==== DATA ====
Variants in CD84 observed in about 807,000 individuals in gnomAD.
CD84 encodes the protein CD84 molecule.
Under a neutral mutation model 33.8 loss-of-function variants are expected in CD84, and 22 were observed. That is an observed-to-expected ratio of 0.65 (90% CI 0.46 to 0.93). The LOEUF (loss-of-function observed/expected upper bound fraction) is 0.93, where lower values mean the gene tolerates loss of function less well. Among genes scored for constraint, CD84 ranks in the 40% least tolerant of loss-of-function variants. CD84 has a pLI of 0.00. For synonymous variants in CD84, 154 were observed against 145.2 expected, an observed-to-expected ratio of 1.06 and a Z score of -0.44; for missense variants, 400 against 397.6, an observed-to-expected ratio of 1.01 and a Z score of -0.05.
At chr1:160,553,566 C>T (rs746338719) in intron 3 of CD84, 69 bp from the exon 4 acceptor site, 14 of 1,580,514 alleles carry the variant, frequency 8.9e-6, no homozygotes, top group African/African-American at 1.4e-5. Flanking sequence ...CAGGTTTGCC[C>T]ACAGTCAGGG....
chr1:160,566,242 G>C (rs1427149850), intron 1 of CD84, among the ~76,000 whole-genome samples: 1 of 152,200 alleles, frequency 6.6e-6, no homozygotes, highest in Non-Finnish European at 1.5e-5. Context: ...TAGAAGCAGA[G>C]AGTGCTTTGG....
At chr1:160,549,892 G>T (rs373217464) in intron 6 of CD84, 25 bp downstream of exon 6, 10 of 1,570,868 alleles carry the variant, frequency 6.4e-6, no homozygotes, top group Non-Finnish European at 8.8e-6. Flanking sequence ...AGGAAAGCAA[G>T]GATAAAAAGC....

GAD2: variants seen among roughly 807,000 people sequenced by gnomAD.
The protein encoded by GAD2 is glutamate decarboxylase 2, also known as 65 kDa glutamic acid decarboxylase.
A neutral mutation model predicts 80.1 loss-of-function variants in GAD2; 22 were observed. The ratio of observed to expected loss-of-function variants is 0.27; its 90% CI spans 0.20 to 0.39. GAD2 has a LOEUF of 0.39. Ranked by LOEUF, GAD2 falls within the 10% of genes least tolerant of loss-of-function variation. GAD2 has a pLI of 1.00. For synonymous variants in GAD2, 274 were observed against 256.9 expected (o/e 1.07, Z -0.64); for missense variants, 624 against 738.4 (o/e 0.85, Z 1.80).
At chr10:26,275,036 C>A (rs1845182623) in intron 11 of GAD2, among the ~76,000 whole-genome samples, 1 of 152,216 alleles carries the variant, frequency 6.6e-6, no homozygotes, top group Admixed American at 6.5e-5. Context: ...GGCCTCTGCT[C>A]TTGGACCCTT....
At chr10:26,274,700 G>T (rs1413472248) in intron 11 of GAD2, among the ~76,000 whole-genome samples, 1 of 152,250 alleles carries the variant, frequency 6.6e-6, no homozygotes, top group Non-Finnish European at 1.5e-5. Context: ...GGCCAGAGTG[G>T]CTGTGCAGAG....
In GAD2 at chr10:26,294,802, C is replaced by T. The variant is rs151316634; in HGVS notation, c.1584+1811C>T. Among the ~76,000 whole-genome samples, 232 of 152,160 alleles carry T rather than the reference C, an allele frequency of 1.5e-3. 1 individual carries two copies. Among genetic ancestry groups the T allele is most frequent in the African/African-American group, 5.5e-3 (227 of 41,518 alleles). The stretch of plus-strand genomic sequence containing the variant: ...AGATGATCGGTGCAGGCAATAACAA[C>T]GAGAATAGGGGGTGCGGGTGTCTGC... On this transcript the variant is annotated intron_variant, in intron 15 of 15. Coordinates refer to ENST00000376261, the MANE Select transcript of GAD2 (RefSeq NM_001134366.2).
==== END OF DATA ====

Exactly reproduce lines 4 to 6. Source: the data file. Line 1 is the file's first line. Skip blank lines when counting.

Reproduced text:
At chr1:160,553,566 C>T (rs746338719) in intron 3 of CD84, 69 bp from the exon 4 acceptor site, 14 of 1,580,514 alleles carry the variant, frequency 8.9e-6, no homozygotes, top group African/African-American at 1.4e-5. Flanking sequence ...CAGGTTTGCC[C>T]ACAGTCAGGG....
chr1:160,566,242 G>C (rs1427149850), intron 1 of CD84, among the ~76,000 whole-genome samples: 1 of 152,200 alleles, frequency 6.6e-6, no homozygotes, highest in Non-Finnish European at 1.5e-5. Context: ...TAGAAGCAGA[G>C]AGTGCTTTGG....
At chr1:160,549,892 G>T (rs373217464) in intron 6 of CD84, 25 bp downstream of exon 6, 10 of 1,570,868 alleles carry the variant, frequency 6.4e-6, no homozygotes, top group Non-Finnish European at 8.8e-6. Flanking sequence ...AGGAAAGCAA[G>T]GATAAAAAGC....